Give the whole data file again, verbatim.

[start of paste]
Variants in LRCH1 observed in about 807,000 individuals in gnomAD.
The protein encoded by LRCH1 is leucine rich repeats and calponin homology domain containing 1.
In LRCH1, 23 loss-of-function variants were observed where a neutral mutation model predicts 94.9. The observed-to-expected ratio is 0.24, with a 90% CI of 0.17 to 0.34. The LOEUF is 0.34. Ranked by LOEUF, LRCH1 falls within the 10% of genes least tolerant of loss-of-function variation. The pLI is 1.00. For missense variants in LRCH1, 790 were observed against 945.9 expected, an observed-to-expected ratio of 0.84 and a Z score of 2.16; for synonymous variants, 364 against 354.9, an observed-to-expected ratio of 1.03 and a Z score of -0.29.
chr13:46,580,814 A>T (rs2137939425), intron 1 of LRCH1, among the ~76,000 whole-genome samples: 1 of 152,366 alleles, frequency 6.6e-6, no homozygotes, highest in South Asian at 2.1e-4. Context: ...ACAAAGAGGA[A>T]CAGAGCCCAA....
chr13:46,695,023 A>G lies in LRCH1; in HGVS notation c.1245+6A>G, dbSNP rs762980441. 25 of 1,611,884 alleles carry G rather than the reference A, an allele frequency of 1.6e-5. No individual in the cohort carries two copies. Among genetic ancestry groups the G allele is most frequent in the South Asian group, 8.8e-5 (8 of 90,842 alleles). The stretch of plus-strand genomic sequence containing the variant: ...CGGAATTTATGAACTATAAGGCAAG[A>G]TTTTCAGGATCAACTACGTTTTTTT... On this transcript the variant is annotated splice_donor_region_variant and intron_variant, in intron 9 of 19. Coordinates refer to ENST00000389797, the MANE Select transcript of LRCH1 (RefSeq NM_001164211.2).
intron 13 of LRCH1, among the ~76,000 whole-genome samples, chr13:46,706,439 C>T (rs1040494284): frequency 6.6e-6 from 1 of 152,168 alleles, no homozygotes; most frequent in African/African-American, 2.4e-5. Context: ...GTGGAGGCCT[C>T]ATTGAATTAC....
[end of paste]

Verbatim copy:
Variants in LRCH1 observed in about 807,000 individuals in gnomAD.
The protein encoded by LRCH1 is leucine rich repeats and calponin homology domain containing 1.
In LRCH1, 23 loss-of-function variants were observed where a neutral mutation model predicts 94.9. The observed-to-expected ratio is 0.24, with a 90% CI of 0.17 to 0.34. The LOEUF is 0.34. Ranked by LOEUF, LRCH1 falls within the 10% of genes least tolerant of loss-of-function variation. The pLI is 1.00. For missense variants in LRCH1, 790 were observed against 945.9 expected, an observed-to-expected ratio of 0.84 and a Z score of 2.16; for synonymous variants, 364 against 354.9, an observed-to-expected ratio of 1.03 and a Z score of -0.29.
chr13:46,580,814 A>T (rs2137939425), intron 1 of LRCH1, among the ~76,000 whole-genome samples: 1 of 152,366 alleles, frequency 6.6e-6, no homozygotes, highest in South Asian at 2.1e-4. Context: ...ACAAAGAGGA[A>T]CAGAGCCCAA....
chr13:46,695,023 A>G lies in LRCH1; in HGVS notation c.1245+6A>G, dbSNP rs762980441. 25 of 1,611,884 alleles carry G rather than the reference A, an allele frequency of 1.6e-5. No individual in the cohort carries two copies. Among genetic ancestry groups the G allele is most frequent in the South Asian group, 8.8e-5 (8 of 90,842 alleles). The stretch of plus-strand genomic sequence containing the variant: ...CGGAATTTATGAACTATAAGGCAAG[A>G]TTTTCAGGATCAACTACGTTTTTTT... On this transcript the variant is annotated splice_donor_region_variant and intron_variant, in intron 9 of 19. Coordinates refer to ENST00000389797, the MANE Select transcript of LRCH1 (RefSeq NM_001164211.2).
intron 13 of LRCH1, among the ~76,000 whole-genome samples, chr13:46,706,439 C>T (rs1040494284): frequency 6.6e-6 from 1 of 152,168 alleles, no homozygotes; most frequent in African/African-American, 2.4e-5. Context: ...GTGGAGGCCT[C>T]ATTGAATTAC....